Sweden’s indigenous Sami people no longer want to be considered a national minority.
Instead the Sami Parliament calls for the legal rights and formal recognition of indigenous people, Radio Sami news reports.
The Swedish government officially recognized the Samis as an indigenous people in the late 1970’s, but they still don’t enjoy the legal rights of other indigenous people as stated by the United Nation’s Declaration on the Rights of Indigenous People.
Question of land ownership
Instead, they’re considered one of Sweden’s five national minorities. The current legislation gives Samis the right to things like childcare and elderly care in their native language, but if the Swedish government went with the UN’s recommendations instead, it would give the Samis a much clearer ownership of their land.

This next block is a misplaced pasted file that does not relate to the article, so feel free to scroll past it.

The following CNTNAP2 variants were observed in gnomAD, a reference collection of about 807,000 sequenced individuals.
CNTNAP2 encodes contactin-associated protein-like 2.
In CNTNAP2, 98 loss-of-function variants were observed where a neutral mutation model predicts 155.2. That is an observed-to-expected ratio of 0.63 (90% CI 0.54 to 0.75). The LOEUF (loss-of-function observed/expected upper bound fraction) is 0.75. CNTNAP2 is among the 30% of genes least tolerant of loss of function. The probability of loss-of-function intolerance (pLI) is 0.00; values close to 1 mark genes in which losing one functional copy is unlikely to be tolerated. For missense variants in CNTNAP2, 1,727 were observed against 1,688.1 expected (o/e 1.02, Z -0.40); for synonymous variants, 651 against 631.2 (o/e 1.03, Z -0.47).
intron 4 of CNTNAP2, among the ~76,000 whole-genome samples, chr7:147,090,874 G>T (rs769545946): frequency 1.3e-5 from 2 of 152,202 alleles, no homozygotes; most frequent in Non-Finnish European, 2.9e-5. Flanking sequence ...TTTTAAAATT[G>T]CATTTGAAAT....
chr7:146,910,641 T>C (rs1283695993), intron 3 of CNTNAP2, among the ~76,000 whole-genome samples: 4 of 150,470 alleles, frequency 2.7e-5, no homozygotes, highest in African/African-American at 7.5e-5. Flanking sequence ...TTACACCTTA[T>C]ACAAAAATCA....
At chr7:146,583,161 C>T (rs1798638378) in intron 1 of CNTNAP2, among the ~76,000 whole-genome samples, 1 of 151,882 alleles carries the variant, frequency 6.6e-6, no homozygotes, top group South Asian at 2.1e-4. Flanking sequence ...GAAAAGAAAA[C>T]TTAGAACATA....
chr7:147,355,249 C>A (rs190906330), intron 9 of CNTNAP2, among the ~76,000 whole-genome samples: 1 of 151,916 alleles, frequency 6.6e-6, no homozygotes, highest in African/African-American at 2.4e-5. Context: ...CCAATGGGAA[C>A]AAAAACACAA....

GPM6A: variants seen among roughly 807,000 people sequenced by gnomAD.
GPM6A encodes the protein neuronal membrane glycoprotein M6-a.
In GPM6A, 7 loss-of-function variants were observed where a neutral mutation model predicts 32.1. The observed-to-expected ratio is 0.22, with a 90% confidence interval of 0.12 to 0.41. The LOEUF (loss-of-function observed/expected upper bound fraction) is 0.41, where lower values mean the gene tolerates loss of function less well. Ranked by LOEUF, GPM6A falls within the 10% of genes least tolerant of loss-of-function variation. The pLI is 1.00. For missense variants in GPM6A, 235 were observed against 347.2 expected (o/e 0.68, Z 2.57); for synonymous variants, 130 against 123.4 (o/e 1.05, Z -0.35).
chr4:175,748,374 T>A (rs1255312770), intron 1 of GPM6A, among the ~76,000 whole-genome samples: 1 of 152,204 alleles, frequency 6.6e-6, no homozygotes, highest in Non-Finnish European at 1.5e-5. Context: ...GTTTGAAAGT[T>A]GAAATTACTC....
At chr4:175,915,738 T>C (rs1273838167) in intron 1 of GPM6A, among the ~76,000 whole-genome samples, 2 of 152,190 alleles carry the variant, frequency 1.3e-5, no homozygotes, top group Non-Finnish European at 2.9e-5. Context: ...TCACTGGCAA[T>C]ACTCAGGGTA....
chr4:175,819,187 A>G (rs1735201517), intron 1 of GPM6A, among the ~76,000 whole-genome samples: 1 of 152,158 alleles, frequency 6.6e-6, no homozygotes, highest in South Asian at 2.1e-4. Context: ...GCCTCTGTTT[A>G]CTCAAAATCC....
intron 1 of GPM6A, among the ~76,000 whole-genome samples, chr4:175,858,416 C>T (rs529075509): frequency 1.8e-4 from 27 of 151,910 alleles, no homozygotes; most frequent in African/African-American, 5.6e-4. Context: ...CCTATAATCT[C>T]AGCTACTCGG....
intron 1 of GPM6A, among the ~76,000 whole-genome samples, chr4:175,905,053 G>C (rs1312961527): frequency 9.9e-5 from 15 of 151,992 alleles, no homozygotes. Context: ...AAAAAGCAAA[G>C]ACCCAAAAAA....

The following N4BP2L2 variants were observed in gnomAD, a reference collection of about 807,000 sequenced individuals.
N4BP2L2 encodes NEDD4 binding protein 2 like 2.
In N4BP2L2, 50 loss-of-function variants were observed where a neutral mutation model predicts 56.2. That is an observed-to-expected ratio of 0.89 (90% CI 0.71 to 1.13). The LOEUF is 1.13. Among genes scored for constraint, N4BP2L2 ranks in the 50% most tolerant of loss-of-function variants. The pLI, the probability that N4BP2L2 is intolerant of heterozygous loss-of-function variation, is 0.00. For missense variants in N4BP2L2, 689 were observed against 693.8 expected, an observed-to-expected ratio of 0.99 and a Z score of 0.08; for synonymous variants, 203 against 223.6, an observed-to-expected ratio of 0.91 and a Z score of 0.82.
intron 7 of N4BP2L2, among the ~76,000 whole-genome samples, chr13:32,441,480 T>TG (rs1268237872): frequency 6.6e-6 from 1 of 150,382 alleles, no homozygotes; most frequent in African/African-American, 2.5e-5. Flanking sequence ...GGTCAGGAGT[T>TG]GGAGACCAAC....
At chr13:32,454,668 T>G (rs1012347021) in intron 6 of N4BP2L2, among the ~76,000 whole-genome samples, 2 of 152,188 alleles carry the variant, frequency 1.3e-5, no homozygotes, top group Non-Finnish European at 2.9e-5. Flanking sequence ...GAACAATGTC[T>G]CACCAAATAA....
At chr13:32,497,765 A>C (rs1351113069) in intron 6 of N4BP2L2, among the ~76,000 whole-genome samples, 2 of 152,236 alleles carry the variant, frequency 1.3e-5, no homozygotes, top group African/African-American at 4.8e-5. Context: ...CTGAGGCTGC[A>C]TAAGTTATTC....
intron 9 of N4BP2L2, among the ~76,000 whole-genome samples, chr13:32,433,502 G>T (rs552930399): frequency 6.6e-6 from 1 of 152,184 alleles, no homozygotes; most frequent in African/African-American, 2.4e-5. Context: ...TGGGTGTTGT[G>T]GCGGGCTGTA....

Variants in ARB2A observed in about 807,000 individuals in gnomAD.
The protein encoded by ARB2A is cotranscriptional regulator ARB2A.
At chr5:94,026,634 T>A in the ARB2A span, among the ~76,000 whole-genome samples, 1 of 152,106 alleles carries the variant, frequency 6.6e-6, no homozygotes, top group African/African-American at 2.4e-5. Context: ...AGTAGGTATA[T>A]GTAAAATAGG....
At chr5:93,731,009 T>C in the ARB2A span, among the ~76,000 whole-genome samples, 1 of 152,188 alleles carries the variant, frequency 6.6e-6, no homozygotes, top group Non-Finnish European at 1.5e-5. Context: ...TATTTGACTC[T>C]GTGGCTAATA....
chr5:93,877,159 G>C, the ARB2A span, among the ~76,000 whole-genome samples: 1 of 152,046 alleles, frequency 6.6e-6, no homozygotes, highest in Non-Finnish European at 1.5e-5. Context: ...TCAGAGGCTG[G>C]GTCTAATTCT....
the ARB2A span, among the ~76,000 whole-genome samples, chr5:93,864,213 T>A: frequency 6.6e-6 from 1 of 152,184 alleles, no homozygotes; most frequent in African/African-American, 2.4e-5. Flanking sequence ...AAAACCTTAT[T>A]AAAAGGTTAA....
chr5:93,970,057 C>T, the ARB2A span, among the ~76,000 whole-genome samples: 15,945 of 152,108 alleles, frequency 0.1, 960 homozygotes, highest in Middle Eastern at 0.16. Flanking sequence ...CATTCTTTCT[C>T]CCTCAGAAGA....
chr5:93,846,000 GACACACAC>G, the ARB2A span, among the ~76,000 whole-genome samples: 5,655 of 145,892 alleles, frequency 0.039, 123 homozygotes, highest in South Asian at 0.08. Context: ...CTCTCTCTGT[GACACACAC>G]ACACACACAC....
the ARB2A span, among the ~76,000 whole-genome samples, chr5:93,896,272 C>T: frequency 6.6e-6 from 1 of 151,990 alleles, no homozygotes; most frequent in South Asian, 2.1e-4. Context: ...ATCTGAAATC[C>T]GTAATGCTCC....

“Politicians are trying to escape their responsibility by not fully recognizing our status as an indigenous people,” says Josefina Lundgren Skerk of the Sami Parliament.
The Sami Parliament will put forward this demand to the Swedish government in September.
Related stories from around the North:
Canada: Nunavut gets EU exemption for seal products, Eye on the Arctic
Finland: Sámi petition gains ground in Finland, YLE News
Greenland: What the EU seal ban has meant for Inuit communities in the Arctic, Eye on the Arctic
Norway: Alarming situation for indigenous peoples in Russia, Barents Observer
Russia: Russia to give indigenous peoples priority in Barents chairmanship, Barents Observer
Sweden: UN report critical of Sweden’s treatment of the Sami, Radio Sweden
United States: Alaska cultural tourism comes with challenges, Alaska Dispatch News